With apologies to Liam Neeson (who I hope reads my weekly blog): “I don’t know who you are. I don’t know what you want. If you are looking for knowledge, I can tell you I don’t have a magic spell. But what I do have are a very particular set of skills, skills I have acquired over a very long career. Skills that make me an asset for students and staff alike. If you heed my advice now, that’ll be the end of it. I will not look for you, I will not pursue you. But if you don’t, I will look for you, I will find you, and I will teach you.”
Once again I am going to pull from my past as a Russian instructor and try to give some tips to you this week that may help your students, even though they aren’t learning a foreign language. You see, a lot of the things I thought only applied to linguistics can be applied elsewhere. So, pardon my myopic preconceived ideas and let’s see how I can help.
The first thing I thought might help your students is the ability to acquire and retain information (mostly vocabulary associated within a given topic). With that, I used to teach three principles of memory: frequency, recency, and vividness. Let’s take a quick look at each one.
Frequency is how often you see a word (or concept). The more times we come across it, the more likely it will stay with us. In regards to studying, here’s how you get students to remember something using frequency: spiraling. I have used this theory with great success, and it works something like this: take a quick look at what you are studying, put it away. Return to it an hour later and quickly study it, put it away. Return to it three hours later, put it away. Before you go to bed, quickly study, and then put it away. And so on. The time intervals lengthen, as you study. You end up spending only minutes studying, rather than hours.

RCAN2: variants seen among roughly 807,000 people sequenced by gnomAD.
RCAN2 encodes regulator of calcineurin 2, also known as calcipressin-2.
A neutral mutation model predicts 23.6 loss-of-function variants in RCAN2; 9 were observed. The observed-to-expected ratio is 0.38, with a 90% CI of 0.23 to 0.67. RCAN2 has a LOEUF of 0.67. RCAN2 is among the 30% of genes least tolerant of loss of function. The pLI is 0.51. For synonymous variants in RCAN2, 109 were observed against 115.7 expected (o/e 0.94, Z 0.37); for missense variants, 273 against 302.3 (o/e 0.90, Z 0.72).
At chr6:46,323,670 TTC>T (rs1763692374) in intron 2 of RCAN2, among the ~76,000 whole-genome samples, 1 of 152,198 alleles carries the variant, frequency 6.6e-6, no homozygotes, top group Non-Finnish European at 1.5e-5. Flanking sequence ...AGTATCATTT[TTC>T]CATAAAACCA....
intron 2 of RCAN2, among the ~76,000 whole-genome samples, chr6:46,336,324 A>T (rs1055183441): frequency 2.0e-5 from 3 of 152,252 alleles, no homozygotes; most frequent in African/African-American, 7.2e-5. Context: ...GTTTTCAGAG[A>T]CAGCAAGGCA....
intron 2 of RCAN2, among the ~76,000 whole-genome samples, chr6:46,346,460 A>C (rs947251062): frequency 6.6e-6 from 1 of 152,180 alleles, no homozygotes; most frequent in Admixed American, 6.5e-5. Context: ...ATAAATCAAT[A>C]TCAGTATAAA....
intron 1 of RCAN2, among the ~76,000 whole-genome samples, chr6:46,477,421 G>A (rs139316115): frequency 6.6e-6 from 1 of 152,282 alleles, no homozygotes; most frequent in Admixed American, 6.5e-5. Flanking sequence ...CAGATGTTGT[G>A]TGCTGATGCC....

Recency simply means that you have to ask yourself, “When was the last time I saw this concept/word/phrase/etc.?” The more recent it is, the more likely you are to remember it. That breaks down to recalling significant ideas and putting them into your short-term memory, especially before exams.
The last one I will write about today is vividness. That is, how important to you personally is the thing you are studying? This may take some creativity on your part, as you are to create mnemonic devices or assign some sort of personal novel distinctness to what you are studying. For example, if I was studying the varying sizes of something, I would draw them, make them proportional, and label them. Small letters for ¼ dram, and much larger letters for a 4 dram bottle.
Once again, these tips are not an easy fix for all students; some students find success with doing these things, while others find them as a hindrance to learning. It is up to the student to do some metacognitive analysis (a later topic) and figure out what is best for himself/herself.
Instructional Media Design Specialist
Center for Academic & Professional Excellence